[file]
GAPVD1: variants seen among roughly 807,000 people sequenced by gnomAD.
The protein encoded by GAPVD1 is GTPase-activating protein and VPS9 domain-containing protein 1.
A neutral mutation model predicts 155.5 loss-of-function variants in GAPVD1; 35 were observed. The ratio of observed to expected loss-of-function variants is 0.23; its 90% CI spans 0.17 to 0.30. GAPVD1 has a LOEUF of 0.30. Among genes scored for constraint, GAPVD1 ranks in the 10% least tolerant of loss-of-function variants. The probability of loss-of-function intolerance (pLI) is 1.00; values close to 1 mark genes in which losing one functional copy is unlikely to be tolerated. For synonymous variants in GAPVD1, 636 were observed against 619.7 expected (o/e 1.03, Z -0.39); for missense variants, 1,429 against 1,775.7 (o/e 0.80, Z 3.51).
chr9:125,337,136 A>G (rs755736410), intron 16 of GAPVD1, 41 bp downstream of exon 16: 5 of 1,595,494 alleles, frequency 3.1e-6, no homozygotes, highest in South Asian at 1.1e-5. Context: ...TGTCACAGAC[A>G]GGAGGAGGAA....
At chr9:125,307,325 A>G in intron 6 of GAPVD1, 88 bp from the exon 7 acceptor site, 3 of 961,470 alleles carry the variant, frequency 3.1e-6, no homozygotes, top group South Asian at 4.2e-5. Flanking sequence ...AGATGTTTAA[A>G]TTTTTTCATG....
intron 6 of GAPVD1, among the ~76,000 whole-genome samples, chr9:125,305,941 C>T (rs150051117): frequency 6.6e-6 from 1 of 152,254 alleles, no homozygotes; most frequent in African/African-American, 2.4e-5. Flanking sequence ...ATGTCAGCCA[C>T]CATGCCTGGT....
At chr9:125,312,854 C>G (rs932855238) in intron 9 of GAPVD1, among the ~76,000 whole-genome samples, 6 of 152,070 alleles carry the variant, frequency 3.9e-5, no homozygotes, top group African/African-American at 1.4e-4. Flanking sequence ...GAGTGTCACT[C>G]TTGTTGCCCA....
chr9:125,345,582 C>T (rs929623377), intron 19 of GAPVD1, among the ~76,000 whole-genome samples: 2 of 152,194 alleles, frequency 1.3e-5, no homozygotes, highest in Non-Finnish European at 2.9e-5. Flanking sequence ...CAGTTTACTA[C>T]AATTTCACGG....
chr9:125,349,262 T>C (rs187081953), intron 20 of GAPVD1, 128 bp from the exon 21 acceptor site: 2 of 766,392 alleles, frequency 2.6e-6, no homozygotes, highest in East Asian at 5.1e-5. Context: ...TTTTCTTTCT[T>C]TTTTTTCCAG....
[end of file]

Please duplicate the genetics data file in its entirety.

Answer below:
GAPVD1: variants seen among roughly 807,000 people sequenced by gnomAD.
The protein encoded by GAPVD1 is GTPase-activating protein and VPS9 domain-containing protein 1.
A neutral mutation model predicts 155.5 loss-of-function variants in GAPVD1; 35 were observed. The ratio of observed to expected loss-of-function variants is 0.23; its 90% CI spans 0.17 to 0.30. GAPVD1 has a LOEUF of 0.30. Among genes scored for constraint, GAPVD1 ranks in the 10% least tolerant of loss-of-function variants. The probability of loss-of-function intolerance (pLI) is 1.00; values close to 1 mark genes in which losing one functional copy is unlikely to be tolerated. For synonymous variants in GAPVD1, 636 were observed against 619.7 expected (o/e 1.03, Z -0.39); for missense variants, 1,429 against 1,775.7 (o/e 0.80, Z 3.51).
chr9:125,337,136 A>G (rs755736410), intron 16 of GAPVD1, 41 bp downstream of exon 16: 5 of 1,595,494 alleles, frequency 3.1e-6, no homozygotes, highest in South Asian at 1.1e-5. Context: ...TGTCACAGAC[A>G]GGAGGAGGAA....
At chr9:125,307,325 A>G in intron 6 of GAPVD1, 88 bp from the exon 7 acceptor site, 3 of 961,470 alleles carry the variant, frequency 3.1e-6, no homozygotes, top group South Asian at 4.2e-5. Flanking sequence ...AGATGTTTAA[A>G]TTTTTTCATG....
intron 6 of GAPVD1, among the ~76,000 whole-genome samples, chr9:125,305,941 C>T (rs150051117): frequency 6.6e-6 from 1 of 152,254 alleles, no homozygotes; most frequent in African/African-American, 2.4e-5. Flanking sequence ...ATGTCAGCCA[C>T]CATGCCTGGT....
At chr9:125,312,854 C>G (rs932855238) in intron 9 of GAPVD1, among the ~76,000 whole-genome samples, 6 of 152,070 alleles carry the variant, frequency 3.9e-5, no homozygotes, top group African/African-American at 1.4e-4. Flanking sequence ...GAGTGTCACT[C>G]TTGTTGCCCA....
chr9:125,345,582 C>T (rs929623377), intron 19 of GAPVD1, among the ~76,000 whole-genome samples: 2 of 152,194 alleles, frequency 1.3e-5, no homozygotes, highest in Non-Finnish European at 2.9e-5. Flanking sequence ...CAGTTTACTA[C>T]AATTTCACGG....
chr9:125,349,262 T>C (rs187081953), intron 20 of GAPVD1, 128 bp from the exon 21 acceptor site: 2 of 766,392 alleles, frequency 2.6e-6, no homozygotes, highest in East Asian at 5.1e-5. Context: ...TTTTCTTTCT[T>C]TTTTTTCCAG....